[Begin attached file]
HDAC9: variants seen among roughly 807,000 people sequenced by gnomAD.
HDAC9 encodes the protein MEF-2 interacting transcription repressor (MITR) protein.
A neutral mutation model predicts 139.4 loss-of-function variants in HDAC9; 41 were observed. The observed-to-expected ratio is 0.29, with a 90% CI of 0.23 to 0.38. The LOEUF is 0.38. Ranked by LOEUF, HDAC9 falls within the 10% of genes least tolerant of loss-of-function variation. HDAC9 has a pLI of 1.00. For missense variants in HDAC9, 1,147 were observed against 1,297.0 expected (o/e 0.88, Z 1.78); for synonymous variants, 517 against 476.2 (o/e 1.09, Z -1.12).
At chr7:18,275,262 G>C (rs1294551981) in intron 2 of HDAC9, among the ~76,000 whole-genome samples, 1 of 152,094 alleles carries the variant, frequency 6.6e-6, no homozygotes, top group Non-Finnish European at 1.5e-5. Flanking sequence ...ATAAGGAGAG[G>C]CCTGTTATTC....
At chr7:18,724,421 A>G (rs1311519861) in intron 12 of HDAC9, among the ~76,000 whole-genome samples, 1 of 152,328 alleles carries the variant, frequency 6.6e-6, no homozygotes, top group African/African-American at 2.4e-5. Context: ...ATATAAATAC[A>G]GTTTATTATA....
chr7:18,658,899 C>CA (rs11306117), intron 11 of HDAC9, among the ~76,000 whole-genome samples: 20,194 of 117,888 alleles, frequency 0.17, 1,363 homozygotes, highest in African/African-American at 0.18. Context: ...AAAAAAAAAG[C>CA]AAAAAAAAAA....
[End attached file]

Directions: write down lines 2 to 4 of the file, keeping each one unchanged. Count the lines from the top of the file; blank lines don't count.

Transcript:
HDAC9 encodes the protein MEF-2 interacting transcription repressor (MITR) protein.
A neutral mutation model predicts 139.4 loss-of-function variants in HDAC9; 41 were observed. The observed-to-expected ratio is 0.29, with a 90% CI of 0.23 to 0.38. The LOEUF is 0.38. Ranked by LOEUF, HDAC9 falls within the 10% of genes least tolerant of loss-of-function variation. HDAC9 has a pLI of 1.00. For missense variants in HDAC9, 1,147 were observed against 1,297.0 expected (o/e 0.88, Z 1.78); for synonymous variants, 517 against 476.2 (o/e 1.09, Z -1.12).
At chr7:18,275,262 G>C (rs1294551981) in intron 2 of HDAC9, among the ~76,000 whole-genome samples, 1 of 152,094 alleles carries the variant, frequency 6.6e-6, no homozygotes, top group Non-Finnish European at 1.5e-5. Flanking sequence ...ATAAGGAGAG[G>C]CCTGTTATTC....